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Lines Planes and Vectors in 3 space

  1. Apr 14, 2010 #1
    If the line is parallel to the vector v = < -2,1,3>, what is the equation of the plane containing L and the point B = (-2,3,1)

    A) - x + y + z = 6
    B) 3x - 2y - z = 4
    C) x + 6y -11z = 5
    D) x + 5y - z = 12
    E) 2x + 10y - 19z = 7

    I know we can get the equation of the line because we have a point on the line and a vector parallel

    So x = xo + at, y = yo + bt , z = zo + ct

    x = -2 + -2t
    y = 3 + t
    z = 1 + 3t

    I know the equation of a plane is a(x - xo) + b(y - yo) + c(z - zo) = 0. But the vector here <a,b,c> has to be normal to the plane...
    Can someone help figure out how i find the answer
     
  2. jcsd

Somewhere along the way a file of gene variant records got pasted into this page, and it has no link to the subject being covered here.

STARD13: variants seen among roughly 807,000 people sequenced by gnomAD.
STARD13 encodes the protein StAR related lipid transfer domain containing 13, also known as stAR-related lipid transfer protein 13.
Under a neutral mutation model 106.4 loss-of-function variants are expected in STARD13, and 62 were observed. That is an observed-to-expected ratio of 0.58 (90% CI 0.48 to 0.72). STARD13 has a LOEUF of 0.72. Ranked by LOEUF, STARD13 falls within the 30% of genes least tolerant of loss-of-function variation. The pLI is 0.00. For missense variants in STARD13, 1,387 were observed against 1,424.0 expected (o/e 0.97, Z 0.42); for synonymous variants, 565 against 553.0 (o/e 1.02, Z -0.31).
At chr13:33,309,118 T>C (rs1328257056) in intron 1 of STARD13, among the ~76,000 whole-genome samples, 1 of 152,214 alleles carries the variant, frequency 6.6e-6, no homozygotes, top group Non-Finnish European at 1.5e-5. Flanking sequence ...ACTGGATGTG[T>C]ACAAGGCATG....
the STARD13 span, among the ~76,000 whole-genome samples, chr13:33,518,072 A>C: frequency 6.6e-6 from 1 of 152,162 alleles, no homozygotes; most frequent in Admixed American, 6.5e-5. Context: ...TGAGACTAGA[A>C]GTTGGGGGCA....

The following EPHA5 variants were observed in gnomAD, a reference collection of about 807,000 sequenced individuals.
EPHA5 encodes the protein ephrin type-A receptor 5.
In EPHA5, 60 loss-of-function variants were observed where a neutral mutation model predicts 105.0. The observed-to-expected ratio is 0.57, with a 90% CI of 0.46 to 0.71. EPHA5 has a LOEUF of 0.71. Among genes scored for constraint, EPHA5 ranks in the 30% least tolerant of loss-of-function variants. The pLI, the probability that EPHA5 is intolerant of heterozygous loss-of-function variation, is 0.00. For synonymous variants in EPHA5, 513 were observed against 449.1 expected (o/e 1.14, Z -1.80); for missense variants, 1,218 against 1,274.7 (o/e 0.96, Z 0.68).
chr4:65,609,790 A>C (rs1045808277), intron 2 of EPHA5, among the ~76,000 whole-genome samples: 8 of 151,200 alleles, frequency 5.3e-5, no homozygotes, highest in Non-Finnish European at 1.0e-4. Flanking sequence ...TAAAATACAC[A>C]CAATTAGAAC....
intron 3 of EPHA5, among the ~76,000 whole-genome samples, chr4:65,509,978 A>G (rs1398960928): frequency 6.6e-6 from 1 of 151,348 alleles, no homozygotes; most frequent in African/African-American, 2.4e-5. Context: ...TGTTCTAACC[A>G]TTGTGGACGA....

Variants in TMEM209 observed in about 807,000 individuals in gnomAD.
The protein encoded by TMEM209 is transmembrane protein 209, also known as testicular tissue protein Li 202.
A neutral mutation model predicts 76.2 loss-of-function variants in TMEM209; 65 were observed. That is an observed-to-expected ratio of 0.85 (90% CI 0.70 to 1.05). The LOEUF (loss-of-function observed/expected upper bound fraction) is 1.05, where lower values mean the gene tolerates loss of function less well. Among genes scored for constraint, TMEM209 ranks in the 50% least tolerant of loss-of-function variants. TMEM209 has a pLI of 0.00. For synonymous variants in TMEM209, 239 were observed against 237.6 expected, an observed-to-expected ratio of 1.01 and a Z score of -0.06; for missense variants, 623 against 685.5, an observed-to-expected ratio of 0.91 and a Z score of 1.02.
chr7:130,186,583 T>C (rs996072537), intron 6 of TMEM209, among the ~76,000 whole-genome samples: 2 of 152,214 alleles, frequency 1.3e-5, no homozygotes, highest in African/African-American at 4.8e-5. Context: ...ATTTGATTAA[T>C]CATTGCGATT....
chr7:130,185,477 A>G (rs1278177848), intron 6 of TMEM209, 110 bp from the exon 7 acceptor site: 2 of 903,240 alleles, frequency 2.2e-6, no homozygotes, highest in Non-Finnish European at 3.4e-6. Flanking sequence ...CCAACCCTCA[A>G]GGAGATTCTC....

3. Apr 15, 2010 #2

    Mark44

    Staff: Mentor

    This is a tricky question. If all you know is a point on a plane and a vector that is parallel to a line that lies in the plane, there is not enough information to specify a unique plane.

    However, since they give you the equations of 5 planes, then what you need to do is pick the one (if any) that works.

    For each of the 4 planes that contains the given point (one plane doesn't), calculate the normal vector, and dot it with the direction vector of the line. If the result is 0, this means that the direction vector is perpendicular to the normal vector, so must lie in the plane. If the dot product isn't zero, the given line can't lie in the plane.

    That's what I would do. I haven't worked it all the way through, so I can't say whether any of the given planes works.
     
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